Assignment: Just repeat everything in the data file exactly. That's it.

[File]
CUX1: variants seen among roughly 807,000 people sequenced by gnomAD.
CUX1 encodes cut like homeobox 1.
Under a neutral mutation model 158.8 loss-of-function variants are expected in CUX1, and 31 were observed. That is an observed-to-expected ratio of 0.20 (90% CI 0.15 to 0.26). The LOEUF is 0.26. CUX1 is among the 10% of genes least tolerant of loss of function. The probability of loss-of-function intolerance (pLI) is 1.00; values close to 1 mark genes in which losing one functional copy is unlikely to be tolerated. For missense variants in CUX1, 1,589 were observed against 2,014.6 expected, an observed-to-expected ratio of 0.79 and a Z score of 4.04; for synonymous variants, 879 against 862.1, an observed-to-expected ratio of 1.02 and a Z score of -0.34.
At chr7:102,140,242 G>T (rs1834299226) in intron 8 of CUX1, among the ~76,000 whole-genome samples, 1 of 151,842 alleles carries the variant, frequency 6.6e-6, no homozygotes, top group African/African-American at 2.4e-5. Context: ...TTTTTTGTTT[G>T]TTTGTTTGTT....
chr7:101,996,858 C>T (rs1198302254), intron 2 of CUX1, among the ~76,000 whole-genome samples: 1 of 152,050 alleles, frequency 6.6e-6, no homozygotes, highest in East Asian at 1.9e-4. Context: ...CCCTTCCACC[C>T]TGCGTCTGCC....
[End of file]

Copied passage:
CUX1: variants seen among roughly 807,000 people sequenced by gnomAD.
CUX1 encodes cut like homeobox 1.
Under a neutral mutation model 158.8 loss-of-function variants are expected in CUX1, and 31 were observed. That is an observed-to-expected ratio of 0.20 (90% CI 0.15 to 0.26). The LOEUF is 0.26. CUX1 is among the 10% of genes least tolerant of loss of function. The probability of loss-of-function intolerance (pLI) is 1.00; values close to 1 mark genes in which losing one functional copy is unlikely to be tolerated. For missense variants in CUX1, 1,589 were observed against 2,014.6 expected, an observed-to-expected ratio of 0.79 and a Z score of 4.04; for synonymous variants, 879 against 862.1, an observed-to-expected ratio of 1.02 and a Z score of -0.34.
At chr7:102,140,242 G>T (rs1834299226) in intron 8 of CUX1, among the ~76,000 whole-genome samples, 1 of 151,842 alleles carries the variant, frequency 6.6e-6, no homozygotes, top group African/African-American at 2.4e-5. Context: ...TTTTTTGTTT[G>T]TTTGTTTGTT....
chr7:101,996,858 C>T (rs1198302254), intron 2 of CUX1, among the ~76,000 whole-genome samples: 1 of 152,050 alleles, frequency 6.6e-6, no homozygotes, highest in East Asian at 1.9e-4. Context: ...CCCTTCCACC[C>T]TGCGTCTGCC....